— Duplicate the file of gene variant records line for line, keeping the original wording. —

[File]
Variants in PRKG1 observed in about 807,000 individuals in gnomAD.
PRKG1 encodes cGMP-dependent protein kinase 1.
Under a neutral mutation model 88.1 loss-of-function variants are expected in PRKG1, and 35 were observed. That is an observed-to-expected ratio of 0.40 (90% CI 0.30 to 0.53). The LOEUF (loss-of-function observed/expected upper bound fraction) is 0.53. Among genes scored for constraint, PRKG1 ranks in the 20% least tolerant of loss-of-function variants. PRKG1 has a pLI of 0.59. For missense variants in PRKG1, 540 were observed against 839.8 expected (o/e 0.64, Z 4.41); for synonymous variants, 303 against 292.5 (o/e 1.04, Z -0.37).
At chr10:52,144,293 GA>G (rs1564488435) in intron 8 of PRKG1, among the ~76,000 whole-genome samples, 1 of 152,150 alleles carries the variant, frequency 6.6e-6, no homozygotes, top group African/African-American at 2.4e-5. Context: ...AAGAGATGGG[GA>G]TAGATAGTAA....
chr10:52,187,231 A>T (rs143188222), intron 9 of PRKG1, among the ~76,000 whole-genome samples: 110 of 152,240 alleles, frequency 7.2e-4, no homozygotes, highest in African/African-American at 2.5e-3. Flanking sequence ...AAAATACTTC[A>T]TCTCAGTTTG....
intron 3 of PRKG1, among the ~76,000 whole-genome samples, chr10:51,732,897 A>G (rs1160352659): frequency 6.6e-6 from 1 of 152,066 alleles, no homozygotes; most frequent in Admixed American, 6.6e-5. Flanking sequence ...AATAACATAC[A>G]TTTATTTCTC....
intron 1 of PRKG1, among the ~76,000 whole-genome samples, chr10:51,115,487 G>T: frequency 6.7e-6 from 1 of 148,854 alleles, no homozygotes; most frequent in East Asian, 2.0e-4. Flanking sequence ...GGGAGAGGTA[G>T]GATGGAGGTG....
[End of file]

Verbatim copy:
Variants in PRKG1 observed in about 807,000 individuals in gnomAD.
PRKG1 encodes cGMP-dependent protein kinase 1.
Under a neutral mutation model 88.1 loss-of-function variants are expected in PRKG1, and 35 were observed. That is an observed-to-expected ratio of 0.40 (90% CI 0.30 to 0.53). The LOEUF (loss-of-function observed/expected upper bound fraction) is 0.53. Among genes scored for constraint, PRKG1 ranks in the 20% least tolerant of loss-of-function variants. PRKG1 has a pLI of 0.59. For missense variants in PRKG1, 540 were observed against 839.8 expected (o/e 0.64, Z 4.41); for synonymous variants, 303 against 292.5 (o/e 1.04, Z -0.37).
At chr10:52,144,293 GA>G (rs1564488435) in intron 8 of PRKG1, among the ~76,000 whole-genome samples, 1 of 152,150 alleles carries the variant, frequency 6.6e-6, no homozygotes, top group African/African-American at 2.4e-5. Context: ...AAGAGATGGG[GA>G]TAGATAGTAA....
chr10:52,187,231 A>T (rs143188222), intron 9 of PRKG1, among the ~76,000 whole-genome samples: 110 of 152,240 alleles, frequency 7.2e-4, no homozygotes, highest in African/African-American at 2.5e-3. Flanking sequence ...AAAATACTTC[A>T]TCTCAGTTTG....
intron 3 of PRKG1, among the ~76,000 whole-genome samples, chr10:51,732,897 A>G (rs1160352659): frequency 6.6e-6 from 1 of 152,066 alleles, no homozygotes; most frequent in Admixed American, 6.6e-5. Flanking sequence ...AATAACATAC[A>G]TTTATTTCTC....
intron 1 of PRKG1, among the ~76,000 whole-genome samples, chr10:51,115,487 G>T: frequency 6.7e-6 from 1 of 148,854 alleles, no homozygotes; most frequent in East Asian, 2.0e-4. Flanking sequence ...GGGAGAGGTA[G>T]GATGGAGGTG....